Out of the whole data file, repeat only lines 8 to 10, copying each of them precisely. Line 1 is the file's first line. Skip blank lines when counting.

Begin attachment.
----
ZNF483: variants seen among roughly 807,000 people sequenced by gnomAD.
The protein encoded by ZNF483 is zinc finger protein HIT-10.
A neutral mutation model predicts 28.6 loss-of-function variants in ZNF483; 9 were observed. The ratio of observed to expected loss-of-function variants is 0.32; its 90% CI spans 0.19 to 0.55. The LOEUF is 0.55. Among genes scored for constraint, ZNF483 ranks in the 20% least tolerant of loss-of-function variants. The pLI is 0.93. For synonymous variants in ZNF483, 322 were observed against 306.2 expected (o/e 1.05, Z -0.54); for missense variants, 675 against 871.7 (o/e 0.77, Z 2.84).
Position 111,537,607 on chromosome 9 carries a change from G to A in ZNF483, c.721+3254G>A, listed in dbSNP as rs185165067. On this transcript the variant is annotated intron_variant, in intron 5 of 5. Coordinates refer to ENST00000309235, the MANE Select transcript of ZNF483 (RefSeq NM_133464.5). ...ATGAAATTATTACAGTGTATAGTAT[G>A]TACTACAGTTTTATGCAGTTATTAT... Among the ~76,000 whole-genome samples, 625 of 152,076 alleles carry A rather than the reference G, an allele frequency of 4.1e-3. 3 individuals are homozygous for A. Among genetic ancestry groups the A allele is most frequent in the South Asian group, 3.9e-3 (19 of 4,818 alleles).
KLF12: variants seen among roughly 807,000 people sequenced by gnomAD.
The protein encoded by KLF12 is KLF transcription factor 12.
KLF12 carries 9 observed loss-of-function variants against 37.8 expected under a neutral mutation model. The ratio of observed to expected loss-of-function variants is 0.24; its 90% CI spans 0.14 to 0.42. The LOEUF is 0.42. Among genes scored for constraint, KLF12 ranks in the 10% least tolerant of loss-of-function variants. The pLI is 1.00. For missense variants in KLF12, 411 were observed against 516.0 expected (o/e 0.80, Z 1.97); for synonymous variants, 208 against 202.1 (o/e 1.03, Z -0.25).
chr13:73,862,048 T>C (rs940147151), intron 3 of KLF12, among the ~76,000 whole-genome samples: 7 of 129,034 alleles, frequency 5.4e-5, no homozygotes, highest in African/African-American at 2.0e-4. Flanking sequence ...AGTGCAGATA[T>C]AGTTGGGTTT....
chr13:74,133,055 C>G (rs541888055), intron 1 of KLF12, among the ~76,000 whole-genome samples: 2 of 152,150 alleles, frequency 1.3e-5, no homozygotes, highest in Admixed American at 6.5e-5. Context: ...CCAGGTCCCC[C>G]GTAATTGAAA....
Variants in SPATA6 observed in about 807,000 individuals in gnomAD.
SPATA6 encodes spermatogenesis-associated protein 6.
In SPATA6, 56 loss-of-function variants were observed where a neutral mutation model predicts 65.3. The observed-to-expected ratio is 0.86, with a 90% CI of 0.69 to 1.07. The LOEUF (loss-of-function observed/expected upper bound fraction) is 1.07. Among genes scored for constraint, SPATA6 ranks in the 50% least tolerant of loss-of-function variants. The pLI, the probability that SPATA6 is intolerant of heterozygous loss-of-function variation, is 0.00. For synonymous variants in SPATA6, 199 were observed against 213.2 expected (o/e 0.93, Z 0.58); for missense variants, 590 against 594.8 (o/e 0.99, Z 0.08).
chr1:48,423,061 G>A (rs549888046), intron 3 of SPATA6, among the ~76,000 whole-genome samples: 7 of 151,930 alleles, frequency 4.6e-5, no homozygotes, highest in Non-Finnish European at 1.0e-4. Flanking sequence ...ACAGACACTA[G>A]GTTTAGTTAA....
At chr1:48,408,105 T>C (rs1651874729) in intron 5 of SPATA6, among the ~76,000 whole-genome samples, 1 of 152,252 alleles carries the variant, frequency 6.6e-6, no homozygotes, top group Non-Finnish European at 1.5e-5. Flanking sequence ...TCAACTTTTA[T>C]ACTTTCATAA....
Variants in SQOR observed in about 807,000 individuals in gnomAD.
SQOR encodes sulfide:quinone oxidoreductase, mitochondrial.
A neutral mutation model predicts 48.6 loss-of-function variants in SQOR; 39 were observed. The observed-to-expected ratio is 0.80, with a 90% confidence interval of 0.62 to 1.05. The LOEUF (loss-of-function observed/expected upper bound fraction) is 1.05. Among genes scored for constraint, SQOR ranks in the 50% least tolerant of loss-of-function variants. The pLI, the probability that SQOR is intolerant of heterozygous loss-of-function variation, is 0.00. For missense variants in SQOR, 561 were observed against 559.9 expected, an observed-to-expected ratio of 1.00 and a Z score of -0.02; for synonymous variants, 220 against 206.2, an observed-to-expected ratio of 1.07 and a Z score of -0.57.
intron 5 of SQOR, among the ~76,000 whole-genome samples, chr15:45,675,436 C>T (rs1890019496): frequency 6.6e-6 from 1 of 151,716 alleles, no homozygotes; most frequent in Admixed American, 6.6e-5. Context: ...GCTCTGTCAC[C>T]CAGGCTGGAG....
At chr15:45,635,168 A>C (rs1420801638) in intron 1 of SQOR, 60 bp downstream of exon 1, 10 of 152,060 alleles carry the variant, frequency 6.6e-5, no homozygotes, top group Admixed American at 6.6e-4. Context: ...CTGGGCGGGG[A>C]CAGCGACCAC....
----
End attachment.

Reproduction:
chr13:73,862,048 T>C (rs940147151), intron 3 of KLF12, among the ~76,000 whole-genome samples: 7 of 129,034 alleles, frequency 5.4e-5, no homozygotes, highest in African/African-American at 2.0e-4. Flanking sequence ...AGTGCAGATA[T>C]AGTTGGGTTT....
chr13:74,133,055 C>G (rs541888055), intron 1 of KLF12, among the ~76,000 whole-genome samples: 2 of 152,150 alleles, frequency 1.3e-5, no homozygotes, highest in Admixed American at 6.5e-5. Context: ...CCAGGTCCCC[C>G]GTAATTGAAA....
Variants in SPATA6 observed in about 807,000 individuals in gnomAD.